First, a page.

Back in 2004 there was a debate between my father and I as to what we should see as part of or Halloween horror movie tradition. The films choices were The Grudge or Saw. At the time one of my friends raved about both, but she said that Saw was one of the best horror films she had seen in a long time. More intrigued by Saw than The Grudge we ventured into the theater that Halloween afternoon and sat closer than normal as we waited for the film to begin. A film about two men stuck in a room trying to understand how they know each other. Initially, this made me wander a simple question. How is this going to keep anyone’s attention for almost two hours?
Little did audiences know about that surprise ending yet, but as the credits began to roll I knew I was in love with Saw. I absolutely adored the idea behind it and began to research to see if there would be more of them to be released. Earlier on, before all the sequels were produced, I read there would be at least six films, but they were aiming for seven to wrap the entire series. A new horror franchise. This had not really been seen since the Final Destination films. At least no franchise worthy of seeing in its entirety in the theater.
From the very first Saw film, I knew the next six years our Halloween movie would belong to the Saw franchise. If you have not viewed this film yet, please come back once you have because my synopsis is rather detailed and not even remotely spoiler free.
Saw is rather simple film. Two men, Adam (Leigh Whannell) and Dr. Lawrence Gordon (Cary Elwes), wake up in an abandoned, and quite disgusting, room chained by their ankles to nearby pipes on opposing sides of each other. To make matters worse, the two men discover a dead body in the middle of the room lying in its own pool of blood, loosely clutching a tape recorder and a handgun.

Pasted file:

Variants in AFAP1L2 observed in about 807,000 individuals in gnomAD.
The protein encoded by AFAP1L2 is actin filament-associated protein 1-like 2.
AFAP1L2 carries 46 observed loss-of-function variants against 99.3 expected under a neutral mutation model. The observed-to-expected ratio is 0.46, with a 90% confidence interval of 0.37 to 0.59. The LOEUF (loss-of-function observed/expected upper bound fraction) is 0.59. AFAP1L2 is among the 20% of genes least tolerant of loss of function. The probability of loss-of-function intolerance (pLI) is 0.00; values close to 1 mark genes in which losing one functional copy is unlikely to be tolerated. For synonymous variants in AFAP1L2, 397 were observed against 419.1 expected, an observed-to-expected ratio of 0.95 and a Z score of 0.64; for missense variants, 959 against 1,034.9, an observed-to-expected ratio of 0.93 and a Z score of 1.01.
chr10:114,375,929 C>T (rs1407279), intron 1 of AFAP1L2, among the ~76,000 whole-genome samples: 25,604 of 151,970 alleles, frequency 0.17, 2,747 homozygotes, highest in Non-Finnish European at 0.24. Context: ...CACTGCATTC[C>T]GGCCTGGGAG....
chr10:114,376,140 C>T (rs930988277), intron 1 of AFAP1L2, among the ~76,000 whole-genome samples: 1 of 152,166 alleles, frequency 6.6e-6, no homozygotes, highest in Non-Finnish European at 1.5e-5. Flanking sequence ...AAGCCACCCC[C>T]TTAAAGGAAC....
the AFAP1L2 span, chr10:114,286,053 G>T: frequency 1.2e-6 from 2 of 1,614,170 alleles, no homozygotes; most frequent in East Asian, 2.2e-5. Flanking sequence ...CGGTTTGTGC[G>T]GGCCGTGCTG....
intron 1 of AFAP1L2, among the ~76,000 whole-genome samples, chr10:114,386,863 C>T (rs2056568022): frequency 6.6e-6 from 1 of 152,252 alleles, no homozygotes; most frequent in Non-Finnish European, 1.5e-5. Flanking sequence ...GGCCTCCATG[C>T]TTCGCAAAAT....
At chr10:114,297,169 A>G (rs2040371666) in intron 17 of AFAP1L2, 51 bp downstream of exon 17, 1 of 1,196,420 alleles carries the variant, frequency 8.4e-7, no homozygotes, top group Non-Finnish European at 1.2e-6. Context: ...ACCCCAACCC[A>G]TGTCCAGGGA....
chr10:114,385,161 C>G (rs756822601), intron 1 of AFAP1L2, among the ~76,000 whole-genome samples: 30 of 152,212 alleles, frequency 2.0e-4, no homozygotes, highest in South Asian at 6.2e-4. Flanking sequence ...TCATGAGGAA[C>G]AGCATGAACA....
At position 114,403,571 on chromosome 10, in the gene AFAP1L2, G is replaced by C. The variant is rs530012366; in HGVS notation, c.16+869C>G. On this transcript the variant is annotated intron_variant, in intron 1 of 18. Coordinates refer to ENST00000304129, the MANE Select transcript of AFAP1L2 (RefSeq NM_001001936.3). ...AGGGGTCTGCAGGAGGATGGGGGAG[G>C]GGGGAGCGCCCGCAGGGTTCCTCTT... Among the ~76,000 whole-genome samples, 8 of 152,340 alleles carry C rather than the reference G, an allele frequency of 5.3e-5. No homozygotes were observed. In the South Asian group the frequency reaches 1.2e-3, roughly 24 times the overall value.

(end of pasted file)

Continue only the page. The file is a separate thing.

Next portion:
Shocked, the two men lose composure before realizing that the they both have tapes in their back pockets big enough to fit the player in the dead’s man hand. They each play the tapes and each are revealed tasks. One is threatened, but the other isn’t. Dr. Gordon is the one who must kill the other man by 6:00 in order to free his wife (Monica Potter) and daughter (Makenzie Vega) before they are murdered.
Soon audiences realize that these two are the two newest victims of a serial killer by the name of Jigsaw that police have been trying to capture for a couple of years. We learn of how heinous some of his previous crimes have been in flashbacks and realize there has only been one survivor of his tasks. A woman by the name of Amanda (Shawnee Smith).
Audiences also discover that despite the fact that Detective David Tapp (Danny Glover) has been discharged from the police force, he is still is doing research on Dr. Lawrence Gordon who he believes is the actual Jigsaw killer. The film boils down to if Detective Tapp isn’t right then who is the man the police call Jigsaw?
In addition to being one of the most well written horror films in quite some time, performance wise Whannell and Elwes are absolutely brilliant. While Whannell had been in a few things before Saw, this is his breakout role. He was also apart of the short that convinced producers Saw should be made, which he also wrote. Whannell created a horror phenomenon and did not even know it at the time. He also gave the performance of a lifetime as Adam. Scared out of his mind, not sure what was going to happen to him and knowing there was only one option, after his original option is later discovered not to exist anymore, Whannell is exciting to watch.
Elwes, as fans of his earlier work know, is always a pleasure to watch on screen. As a determined, desperate man, his portrayal as Dr. Gordon is stellar. A man up to his wits trying to figure out how to get out of his situation without actually committing a murder is absolutely outstanding, and in my opinion extremely underrated.
The rest of the cast plays their respective roles equally as amazing, but Whannell’s and Elwes’s performances will always hold a special place in my mind. And of course one would be a fool not to mention the amazing performance given by Tobin Bell. With a few simple lines we learned all about John Kramer and instantaneously wanted to know more.
Ultimately, I think the Saw franchise and film gets a bad rap at times. To me these films are not merely a torture film, neither are the others, but something far more complex to the mind if one allows them to be. Saw is one of the best theater choices I ever made and I am not afraid to admit such.
When a film can genuinely shock one by the end these days that film is well made and well directed, especially in the horror world. There are so many horror films that lack a true twist ending anymore. Those that do deserve all the praise in the world and that along with the incredible acting and story, Saw will always remain one of my favorite horror films of all time.